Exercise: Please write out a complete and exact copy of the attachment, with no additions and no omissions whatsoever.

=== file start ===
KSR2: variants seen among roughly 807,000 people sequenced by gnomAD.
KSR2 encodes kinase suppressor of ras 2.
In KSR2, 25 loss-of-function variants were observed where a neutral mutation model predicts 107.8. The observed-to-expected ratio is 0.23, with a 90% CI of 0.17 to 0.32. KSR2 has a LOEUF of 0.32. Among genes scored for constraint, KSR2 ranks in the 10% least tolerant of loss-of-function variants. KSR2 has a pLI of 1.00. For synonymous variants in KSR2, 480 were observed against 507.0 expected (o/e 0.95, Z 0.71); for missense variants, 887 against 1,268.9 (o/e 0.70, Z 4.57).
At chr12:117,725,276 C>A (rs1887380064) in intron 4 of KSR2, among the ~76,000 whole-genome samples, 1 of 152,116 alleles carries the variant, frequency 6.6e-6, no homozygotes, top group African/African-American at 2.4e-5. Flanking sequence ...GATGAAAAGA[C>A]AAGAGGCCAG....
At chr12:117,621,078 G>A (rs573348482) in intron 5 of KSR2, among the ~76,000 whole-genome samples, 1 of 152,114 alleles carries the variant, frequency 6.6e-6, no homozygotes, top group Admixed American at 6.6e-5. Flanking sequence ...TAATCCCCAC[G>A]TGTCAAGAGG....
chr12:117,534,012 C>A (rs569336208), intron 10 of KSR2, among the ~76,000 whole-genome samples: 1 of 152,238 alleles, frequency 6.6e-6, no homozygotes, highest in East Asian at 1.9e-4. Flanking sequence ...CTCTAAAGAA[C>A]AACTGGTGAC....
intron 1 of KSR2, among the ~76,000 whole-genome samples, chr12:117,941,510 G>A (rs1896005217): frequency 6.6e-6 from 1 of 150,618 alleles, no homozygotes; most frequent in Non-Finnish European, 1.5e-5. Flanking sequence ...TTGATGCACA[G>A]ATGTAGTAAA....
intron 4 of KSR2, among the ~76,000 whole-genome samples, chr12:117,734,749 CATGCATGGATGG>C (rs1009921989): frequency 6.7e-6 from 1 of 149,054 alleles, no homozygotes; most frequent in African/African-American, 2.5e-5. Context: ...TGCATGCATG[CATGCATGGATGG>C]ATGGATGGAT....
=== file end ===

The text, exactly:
KSR2: variants seen among roughly 807,000 people sequenced by gnomAD.
KSR2 encodes kinase suppressor of ras 2.
In KSR2, 25 loss-of-function variants were observed where a neutral mutation model predicts 107.8. The observed-to-expected ratio is 0.23, with a 90% CI of 0.17 to 0.32. KSR2 has a LOEUF of 0.32. Among genes scored for constraint, KSR2 ranks in the 10% least tolerant of loss-of-function variants. KSR2 has a pLI of 1.00. For synonymous variants in KSR2, 480 were observed against 507.0 expected (o/e 0.95, Z 0.71); for missense variants, 887 against 1,268.9 (o/e 0.70, Z 4.57).
At chr12:117,725,276 C>A (rs1887380064) in intron 4 of KSR2, among the ~76,000 whole-genome samples, 1 of 152,116 alleles carries the variant, frequency 6.6e-6, no homozygotes, top group African/African-American at 2.4e-5. Flanking sequence ...GATGAAAAGA[C>A]AAGAGGCCAG....
At chr12:117,621,078 G>A (rs573348482) in intron 5 of KSR2, among the ~76,000 whole-genome samples, 1 of 152,114 alleles carries the variant, frequency 6.6e-6, no homozygotes, top group Admixed American at 6.6e-5. Flanking sequence ...TAATCCCCAC[G>A]TGTCAAGAGG....
chr12:117,534,012 C>A (rs569336208), intron 10 of KSR2, among the ~76,000 whole-genome samples: 1 of 152,238 alleles, frequency 6.6e-6, no homozygotes, highest in East Asian at 1.9e-4. Flanking sequence ...CTCTAAAGAA[C>A]AACTGGTGAC....
intron 1 of KSR2, among the ~76,000 whole-genome samples, chr12:117,941,510 G>A (rs1896005217): frequency 6.6e-6 from 1 of 150,618 alleles, no homozygotes; most frequent in Non-Finnish European, 1.5e-5. Flanking sequence ...TTGATGCACA[G>A]ATGTAGTAAA....
intron 4 of KSR2, among the ~76,000 whole-genome samples, chr12:117,734,749 CATGCATGGATGG>C (rs1009921989): frequency 6.7e-6 from 1 of 149,054 alleles, no homozygotes; most frequent in African/African-American, 2.5e-5. Context: ...TGCATGCATG[CATGCATGGATGG>C]ATGGATGGAT....